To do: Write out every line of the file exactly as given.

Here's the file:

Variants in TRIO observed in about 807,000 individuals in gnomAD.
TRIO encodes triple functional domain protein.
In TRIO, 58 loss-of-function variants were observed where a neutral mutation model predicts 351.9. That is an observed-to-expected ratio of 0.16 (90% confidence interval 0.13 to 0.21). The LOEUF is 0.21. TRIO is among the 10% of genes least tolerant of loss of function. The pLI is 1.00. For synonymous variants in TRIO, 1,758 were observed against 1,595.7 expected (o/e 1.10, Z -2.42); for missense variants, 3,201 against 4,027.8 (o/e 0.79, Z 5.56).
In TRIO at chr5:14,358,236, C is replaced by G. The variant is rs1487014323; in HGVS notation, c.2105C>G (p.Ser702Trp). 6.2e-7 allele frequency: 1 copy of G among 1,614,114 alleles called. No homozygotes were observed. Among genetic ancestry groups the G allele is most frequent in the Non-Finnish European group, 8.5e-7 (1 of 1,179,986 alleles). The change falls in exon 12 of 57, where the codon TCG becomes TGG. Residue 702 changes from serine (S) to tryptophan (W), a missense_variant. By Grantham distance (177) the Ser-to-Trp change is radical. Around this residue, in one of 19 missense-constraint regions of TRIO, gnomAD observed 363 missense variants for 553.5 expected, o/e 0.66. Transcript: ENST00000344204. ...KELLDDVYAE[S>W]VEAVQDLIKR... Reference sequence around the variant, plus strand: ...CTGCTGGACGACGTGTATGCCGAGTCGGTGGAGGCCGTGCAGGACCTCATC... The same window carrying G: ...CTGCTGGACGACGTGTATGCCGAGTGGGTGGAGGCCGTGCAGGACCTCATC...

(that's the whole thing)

Variants in TRIO observed in about 807,000 individuals in gnomAD.
TRIO encodes triple functional domain protein.
In TRIO, 58 loss-of-function variants were observed where a neutral mutation model predicts 351.9. That is an observed-to-expected ratio of 0.16 (90% confidence interval 0.13 to 0.21). The LOEUF is 0.21. TRIO is among the 10% of genes least tolerant of loss of function. The pLI is 1.00. For synonymous variants in TRIO, 1,758 were observed against 1,595.7 expected (o/e 1.10, Z -2.42); for missense variants, 3,201 against 4,027.8 (o/e 0.79, Z 5.56).
In TRIO at chr5:14,358,236, C is replaced by G. The variant is rs1487014323; in HGVS notation, c.2105C>G (p.Ser702Trp). 6.2e-7 allele frequency: 1 copy of G among 1,614,114 alleles called. No homozygotes were observed. Among genetic ancestry groups the G allele is most frequent in the Non-Finnish European group, 8.5e-7 (1 of 1,179,986 alleles). The change falls in exon 12 of 57, where the codon TCG becomes TGG. Residue 702 changes from serine (S) to tryptophan (W), a missense_variant. By Grantham distance (177) the Ser-to-Trp change is radical. Around this residue, in one of 19 missense-constraint regions of TRIO, gnomAD observed 363 missense variants for 553.5 expected, o/e 0.66. Transcript: ENST00000344204. ...KELLDDVYAE[S>W]VEAVQDLIKR... Reference sequence around the variant, plus strand: ...CTGCTGGACGACGTGTATGCCGAGTCGGTGGAGGCCGTGCAGGACCTCATC... The same window carrying G: ...CTGCTGGACGACGTGTATGCCGAGTGGGTGGAGGCCGTGCAGGACCTCATC...